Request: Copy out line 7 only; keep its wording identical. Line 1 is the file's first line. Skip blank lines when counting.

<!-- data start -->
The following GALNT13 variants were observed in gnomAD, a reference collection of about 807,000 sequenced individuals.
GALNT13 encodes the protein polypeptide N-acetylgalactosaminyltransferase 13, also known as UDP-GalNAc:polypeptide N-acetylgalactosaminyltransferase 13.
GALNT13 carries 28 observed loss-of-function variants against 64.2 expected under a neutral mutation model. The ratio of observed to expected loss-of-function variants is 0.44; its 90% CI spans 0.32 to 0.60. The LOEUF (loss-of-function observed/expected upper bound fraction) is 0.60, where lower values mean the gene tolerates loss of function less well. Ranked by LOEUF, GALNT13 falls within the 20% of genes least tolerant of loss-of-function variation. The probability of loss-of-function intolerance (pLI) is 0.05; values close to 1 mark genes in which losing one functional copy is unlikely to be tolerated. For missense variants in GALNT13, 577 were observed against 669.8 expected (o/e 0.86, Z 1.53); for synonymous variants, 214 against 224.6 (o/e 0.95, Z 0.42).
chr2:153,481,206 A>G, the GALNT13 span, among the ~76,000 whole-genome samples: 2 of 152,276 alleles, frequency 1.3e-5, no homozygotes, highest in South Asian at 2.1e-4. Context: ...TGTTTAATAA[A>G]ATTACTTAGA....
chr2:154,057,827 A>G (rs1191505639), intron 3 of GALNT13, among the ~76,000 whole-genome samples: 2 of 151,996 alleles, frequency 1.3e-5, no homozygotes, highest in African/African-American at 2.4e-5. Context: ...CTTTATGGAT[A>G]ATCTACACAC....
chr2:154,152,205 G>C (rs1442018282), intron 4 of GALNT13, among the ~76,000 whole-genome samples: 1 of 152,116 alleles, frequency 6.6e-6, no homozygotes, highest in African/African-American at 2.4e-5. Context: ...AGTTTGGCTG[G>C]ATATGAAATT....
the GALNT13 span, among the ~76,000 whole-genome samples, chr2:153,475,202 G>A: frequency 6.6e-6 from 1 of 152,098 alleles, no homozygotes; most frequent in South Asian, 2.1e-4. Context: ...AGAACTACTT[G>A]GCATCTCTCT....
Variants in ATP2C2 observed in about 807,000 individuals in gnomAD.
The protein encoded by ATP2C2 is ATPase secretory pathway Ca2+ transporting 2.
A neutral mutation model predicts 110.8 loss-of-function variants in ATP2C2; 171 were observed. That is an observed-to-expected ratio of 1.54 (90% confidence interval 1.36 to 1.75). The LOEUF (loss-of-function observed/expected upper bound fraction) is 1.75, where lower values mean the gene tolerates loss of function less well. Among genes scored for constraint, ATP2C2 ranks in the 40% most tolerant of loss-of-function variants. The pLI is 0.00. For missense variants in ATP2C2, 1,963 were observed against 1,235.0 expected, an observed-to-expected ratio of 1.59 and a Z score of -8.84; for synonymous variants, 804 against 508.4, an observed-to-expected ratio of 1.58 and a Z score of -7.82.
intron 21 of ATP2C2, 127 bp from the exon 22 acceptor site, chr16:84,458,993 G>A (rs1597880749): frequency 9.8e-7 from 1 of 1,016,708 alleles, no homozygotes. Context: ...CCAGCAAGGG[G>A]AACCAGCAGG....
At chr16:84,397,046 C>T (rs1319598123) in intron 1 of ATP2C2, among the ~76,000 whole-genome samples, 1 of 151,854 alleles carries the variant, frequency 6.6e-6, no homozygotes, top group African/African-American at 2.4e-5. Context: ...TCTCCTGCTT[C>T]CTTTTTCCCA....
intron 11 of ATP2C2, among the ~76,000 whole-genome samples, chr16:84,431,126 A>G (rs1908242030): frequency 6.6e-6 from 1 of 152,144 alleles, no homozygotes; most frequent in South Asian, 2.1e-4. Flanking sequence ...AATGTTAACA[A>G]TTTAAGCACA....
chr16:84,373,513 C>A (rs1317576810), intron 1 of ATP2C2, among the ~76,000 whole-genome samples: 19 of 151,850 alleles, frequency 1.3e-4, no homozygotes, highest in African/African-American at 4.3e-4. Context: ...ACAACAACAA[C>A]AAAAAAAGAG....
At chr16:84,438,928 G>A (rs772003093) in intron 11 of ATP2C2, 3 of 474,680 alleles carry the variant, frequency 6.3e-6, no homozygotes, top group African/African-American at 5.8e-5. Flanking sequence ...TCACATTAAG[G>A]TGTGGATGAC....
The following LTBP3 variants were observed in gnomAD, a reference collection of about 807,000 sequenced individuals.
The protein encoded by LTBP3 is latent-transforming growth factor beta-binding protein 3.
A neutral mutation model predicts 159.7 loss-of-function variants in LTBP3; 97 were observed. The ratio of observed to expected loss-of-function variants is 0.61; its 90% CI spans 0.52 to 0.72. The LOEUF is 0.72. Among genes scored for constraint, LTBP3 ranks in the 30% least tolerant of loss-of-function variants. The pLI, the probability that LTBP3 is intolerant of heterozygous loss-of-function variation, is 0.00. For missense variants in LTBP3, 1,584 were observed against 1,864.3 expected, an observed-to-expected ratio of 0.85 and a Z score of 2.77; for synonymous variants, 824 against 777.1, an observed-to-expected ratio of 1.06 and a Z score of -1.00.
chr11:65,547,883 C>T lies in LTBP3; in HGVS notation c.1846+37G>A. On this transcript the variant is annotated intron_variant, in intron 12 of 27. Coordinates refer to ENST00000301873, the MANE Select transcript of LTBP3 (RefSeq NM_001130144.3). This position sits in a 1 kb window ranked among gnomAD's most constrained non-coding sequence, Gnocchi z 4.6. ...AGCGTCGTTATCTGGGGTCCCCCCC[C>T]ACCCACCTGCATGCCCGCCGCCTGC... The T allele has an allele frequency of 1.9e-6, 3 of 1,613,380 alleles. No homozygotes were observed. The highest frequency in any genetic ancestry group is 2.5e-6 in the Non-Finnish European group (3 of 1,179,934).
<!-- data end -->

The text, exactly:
the GALNT13 span, among the ~76,000 whole-genome samples, chr2:153,475,202 G>A: frequency 6.6e-6 from 1 of 152,098 alleles, no homozygotes; most frequent in South Asian, 2.1e-4. Context: ...AGAACTACTT[G>A]GCATCTCTCT....